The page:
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Brief Summary

provided by Ecomare
Bream is a grayish brown fish belonging to the carp family. It can live up to 15 years. Bream is a typical fish for cloudy nutrient-rich water which often contains lots of algae. It looks for food by snuffling in the muddy bottom with its snout. This makes the water cloudy. In such 'breamy' water, its enemy the pike is unable to hunt well.
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Diagnostic Description

provided by FAO species catalogs
Deep-bodied with a high back and flattened sides. The head is comparatively small, with the mouth ventral and extending into a tube when feeding. Eyes small.

Scales are small with 51-60 scales in the lateral line.

Anal fin origin is beneath the rear end of the dorsal fin; its base is long, with 24-30 branched rays and its outline is strongly concave.

Pharyngeal teeth 5:5, the teeth long and compressed.

Colour dark brown or greyish on the back; adults have golden brown sides, the young have silver, and are ventrally yellowish. The fins are grey or light brown, those underneath being reddish tinted.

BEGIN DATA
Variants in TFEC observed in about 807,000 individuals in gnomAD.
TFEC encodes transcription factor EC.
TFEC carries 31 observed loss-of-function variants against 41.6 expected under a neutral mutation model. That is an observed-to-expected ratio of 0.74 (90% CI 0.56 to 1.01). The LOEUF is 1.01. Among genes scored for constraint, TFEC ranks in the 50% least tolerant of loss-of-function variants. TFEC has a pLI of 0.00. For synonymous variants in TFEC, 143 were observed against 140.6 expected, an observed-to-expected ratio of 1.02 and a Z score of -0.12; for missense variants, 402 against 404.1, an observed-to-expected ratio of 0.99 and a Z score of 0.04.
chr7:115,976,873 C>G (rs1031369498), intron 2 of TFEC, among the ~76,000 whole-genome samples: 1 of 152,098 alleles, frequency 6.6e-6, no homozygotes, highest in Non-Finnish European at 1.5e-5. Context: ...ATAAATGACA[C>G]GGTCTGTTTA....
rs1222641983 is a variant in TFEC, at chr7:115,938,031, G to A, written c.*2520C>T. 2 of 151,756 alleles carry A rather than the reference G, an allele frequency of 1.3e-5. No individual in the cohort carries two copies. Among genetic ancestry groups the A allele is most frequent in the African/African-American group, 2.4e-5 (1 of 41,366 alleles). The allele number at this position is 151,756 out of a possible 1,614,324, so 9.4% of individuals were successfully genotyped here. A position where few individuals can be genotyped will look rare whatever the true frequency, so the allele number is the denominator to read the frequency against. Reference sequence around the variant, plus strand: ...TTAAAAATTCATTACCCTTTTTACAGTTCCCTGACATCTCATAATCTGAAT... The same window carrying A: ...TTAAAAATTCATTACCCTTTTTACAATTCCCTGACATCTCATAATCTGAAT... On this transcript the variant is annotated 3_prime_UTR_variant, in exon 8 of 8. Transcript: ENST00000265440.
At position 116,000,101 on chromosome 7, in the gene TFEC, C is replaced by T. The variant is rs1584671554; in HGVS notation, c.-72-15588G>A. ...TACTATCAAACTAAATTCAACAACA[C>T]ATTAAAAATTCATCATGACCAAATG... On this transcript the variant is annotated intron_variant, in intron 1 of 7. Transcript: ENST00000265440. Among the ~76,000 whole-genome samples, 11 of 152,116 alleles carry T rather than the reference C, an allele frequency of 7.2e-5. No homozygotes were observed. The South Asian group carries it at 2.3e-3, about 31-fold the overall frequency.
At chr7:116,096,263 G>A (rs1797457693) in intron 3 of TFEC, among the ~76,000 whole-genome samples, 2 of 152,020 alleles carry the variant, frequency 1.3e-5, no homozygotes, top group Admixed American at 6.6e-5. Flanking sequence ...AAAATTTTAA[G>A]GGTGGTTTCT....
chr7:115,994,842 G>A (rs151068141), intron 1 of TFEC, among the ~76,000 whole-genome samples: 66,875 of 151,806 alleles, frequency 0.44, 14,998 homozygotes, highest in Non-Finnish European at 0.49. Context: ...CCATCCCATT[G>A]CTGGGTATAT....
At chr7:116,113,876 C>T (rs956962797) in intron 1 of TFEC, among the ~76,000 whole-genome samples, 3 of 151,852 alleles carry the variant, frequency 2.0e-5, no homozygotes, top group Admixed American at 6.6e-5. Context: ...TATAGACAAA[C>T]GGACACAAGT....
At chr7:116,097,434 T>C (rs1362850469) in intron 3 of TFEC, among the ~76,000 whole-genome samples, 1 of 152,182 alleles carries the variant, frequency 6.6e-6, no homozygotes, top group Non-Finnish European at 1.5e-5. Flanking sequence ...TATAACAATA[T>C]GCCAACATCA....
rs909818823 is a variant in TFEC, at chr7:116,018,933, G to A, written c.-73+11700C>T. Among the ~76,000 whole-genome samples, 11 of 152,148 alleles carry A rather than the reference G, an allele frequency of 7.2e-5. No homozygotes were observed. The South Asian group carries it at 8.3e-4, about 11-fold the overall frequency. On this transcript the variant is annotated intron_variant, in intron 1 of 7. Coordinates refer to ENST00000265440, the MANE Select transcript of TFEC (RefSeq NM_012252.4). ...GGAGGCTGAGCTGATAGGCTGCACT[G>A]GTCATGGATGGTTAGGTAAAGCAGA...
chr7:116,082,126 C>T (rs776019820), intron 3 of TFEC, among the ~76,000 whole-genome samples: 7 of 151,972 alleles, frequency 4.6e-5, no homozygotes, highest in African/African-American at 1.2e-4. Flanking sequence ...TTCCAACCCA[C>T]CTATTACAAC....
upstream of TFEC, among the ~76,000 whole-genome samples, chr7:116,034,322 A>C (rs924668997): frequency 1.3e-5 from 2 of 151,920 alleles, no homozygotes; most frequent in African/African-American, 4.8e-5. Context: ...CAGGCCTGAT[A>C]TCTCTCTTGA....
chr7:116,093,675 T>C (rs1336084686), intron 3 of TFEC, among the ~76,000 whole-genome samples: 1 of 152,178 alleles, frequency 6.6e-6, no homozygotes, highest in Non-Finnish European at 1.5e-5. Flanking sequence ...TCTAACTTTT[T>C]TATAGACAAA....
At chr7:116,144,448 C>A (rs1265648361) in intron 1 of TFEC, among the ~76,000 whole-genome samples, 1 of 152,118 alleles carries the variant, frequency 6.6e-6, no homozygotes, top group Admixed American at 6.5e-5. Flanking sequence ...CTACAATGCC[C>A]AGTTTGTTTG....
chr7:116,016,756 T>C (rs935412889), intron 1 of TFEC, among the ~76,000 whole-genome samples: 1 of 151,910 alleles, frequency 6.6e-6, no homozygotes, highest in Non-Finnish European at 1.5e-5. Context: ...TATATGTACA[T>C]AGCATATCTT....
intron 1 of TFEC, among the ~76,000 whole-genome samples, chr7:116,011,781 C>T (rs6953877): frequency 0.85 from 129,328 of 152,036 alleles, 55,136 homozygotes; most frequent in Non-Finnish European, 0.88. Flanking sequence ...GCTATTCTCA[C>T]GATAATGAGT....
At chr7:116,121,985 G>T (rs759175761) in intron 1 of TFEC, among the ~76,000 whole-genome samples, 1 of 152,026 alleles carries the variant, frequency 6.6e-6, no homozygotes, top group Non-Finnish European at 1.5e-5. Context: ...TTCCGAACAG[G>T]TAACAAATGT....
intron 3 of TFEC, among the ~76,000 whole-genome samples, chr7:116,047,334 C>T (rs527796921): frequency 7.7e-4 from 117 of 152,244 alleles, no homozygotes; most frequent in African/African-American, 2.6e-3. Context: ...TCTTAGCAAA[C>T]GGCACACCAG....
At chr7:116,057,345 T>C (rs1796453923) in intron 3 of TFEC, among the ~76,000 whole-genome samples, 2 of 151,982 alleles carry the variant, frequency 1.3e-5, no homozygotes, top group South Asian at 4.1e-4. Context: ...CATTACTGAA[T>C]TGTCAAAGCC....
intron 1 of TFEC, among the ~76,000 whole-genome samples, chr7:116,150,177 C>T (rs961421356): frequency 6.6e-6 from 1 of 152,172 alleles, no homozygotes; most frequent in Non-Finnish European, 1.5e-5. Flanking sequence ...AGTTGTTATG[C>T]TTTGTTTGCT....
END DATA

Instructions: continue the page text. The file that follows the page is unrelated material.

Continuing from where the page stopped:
Distribution

provided by FAO species catalogs
European lakes and rivers (excluding Iberian, Italic and Balkan peninsulas and part Skandinavian peninsula); it also occurs in the brackish areas of the Baltic Sea.

Size

provided by FAO species catalogs
An average length of 40 to 51 cm and a weight of 3.6 kg is attained; exceptionally a length of 80 cm and 9 kg in weight.

Brief Summary

provided by FAO species catalogs
Occurs usually in still and slow-running waters where it travels in large shoals.Using its protusible mouth to pick up insect larvae, worms, and molluscs. Bream spawn in late spring and early summer among dense vegetation, often in shallow water and at night. The yellowish eggs stick to the weeds, and hatch in 3-12 days, depending on temperature.

Can survive out of the water for extended periods.

Benefits

provided by FAO species catalogs
In Europe this is a commercially important food-fish. It is also a valuable fish for anglers, although all too frequently expected to grow well and provide sport in unsuitable habitats. The total catch reported for this species to FAO for 1999 was 48 070 t. The countries with the largest catches were Russian Federation (25 687 t) and Kazakhstan (10 900 t). Marketed fresh or frozen. Eaten steamed, broiled, fried and baked.